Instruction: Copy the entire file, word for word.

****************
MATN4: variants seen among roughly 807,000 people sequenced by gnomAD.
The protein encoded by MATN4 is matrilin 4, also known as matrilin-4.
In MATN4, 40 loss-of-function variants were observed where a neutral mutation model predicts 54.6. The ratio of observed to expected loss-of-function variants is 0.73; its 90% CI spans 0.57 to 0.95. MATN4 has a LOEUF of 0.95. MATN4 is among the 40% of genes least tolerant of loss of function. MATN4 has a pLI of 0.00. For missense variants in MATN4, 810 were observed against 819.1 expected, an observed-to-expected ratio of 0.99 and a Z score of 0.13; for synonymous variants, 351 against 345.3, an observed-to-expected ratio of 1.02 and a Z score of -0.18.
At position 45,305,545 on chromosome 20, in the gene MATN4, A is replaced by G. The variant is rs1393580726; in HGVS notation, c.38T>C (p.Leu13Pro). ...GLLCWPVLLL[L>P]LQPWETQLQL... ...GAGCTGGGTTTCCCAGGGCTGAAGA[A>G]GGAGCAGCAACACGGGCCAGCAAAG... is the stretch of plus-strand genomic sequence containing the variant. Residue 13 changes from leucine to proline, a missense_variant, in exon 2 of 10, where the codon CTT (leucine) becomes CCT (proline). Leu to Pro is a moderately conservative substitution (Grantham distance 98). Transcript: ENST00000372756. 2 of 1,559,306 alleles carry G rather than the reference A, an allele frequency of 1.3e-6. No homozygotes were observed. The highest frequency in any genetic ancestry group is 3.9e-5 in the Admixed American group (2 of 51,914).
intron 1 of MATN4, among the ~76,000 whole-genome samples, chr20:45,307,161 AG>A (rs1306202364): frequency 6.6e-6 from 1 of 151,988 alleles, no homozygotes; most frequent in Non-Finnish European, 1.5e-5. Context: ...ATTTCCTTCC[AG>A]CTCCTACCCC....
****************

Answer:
MATN4: variants seen among roughly 807,000 people sequenced by gnomAD.
The protein encoded by MATN4 is matrilin 4, also known as matrilin-4.
In MATN4, 40 loss-of-function variants were observed where a neutral mutation model predicts 54.6. The ratio of observed to expected loss-of-function variants is 0.73; its 90% CI spans 0.57 to 0.95. MATN4 has a LOEUF of 0.95. MATN4 is among the 40% of genes least tolerant of loss of function. MATN4 has a pLI of 0.00. For missense variants in MATN4, 810 were observed against 819.1 expected, an observed-to-expected ratio of 0.99 and a Z score of 0.13; for synonymous variants, 351 against 345.3, an observed-to-expected ratio of 1.02 and a Z score of -0.18.
At position 45,305,545 on chromosome 20, in the gene MATN4, A is replaced by G. The variant is rs1393580726; in HGVS notation, c.38T>C (p.Leu13Pro). ...GLLCWPVLLL[L>P]LQPWETQLQL... ...GAGCTGGGTTTCCCAGGGCTGAAGA[A>G]GGAGCAGCAACACGGGCCAGCAAAG... is the stretch of plus-strand genomic sequence containing the variant. Residue 13 changes from leucine to proline, a missense_variant, in exon 2 of 10, where the codon CTT (leucine) becomes CCT (proline). Leu to Pro is a moderately conservative substitution (Grantham distance 98). Transcript: ENST00000372756. 2 of 1,559,306 alleles carry G rather than the reference A, an allele frequency of 1.3e-6. No homozygotes were observed. The highest frequency in any genetic ancestry group is 3.9e-5 in the Admixed American group (2 of 51,914).
intron 1 of MATN4, among the ~76,000 whole-genome samples, chr20:45,307,161 AG>A (rs1306202364): frequency 6.6e-6 from 1 of 151,988 alleles, no homozygotes; most frequent in Non-Finnish European, 1.5e-5. Context: ...ATTTCCTTCC[AG>A]CTCCTACCCC....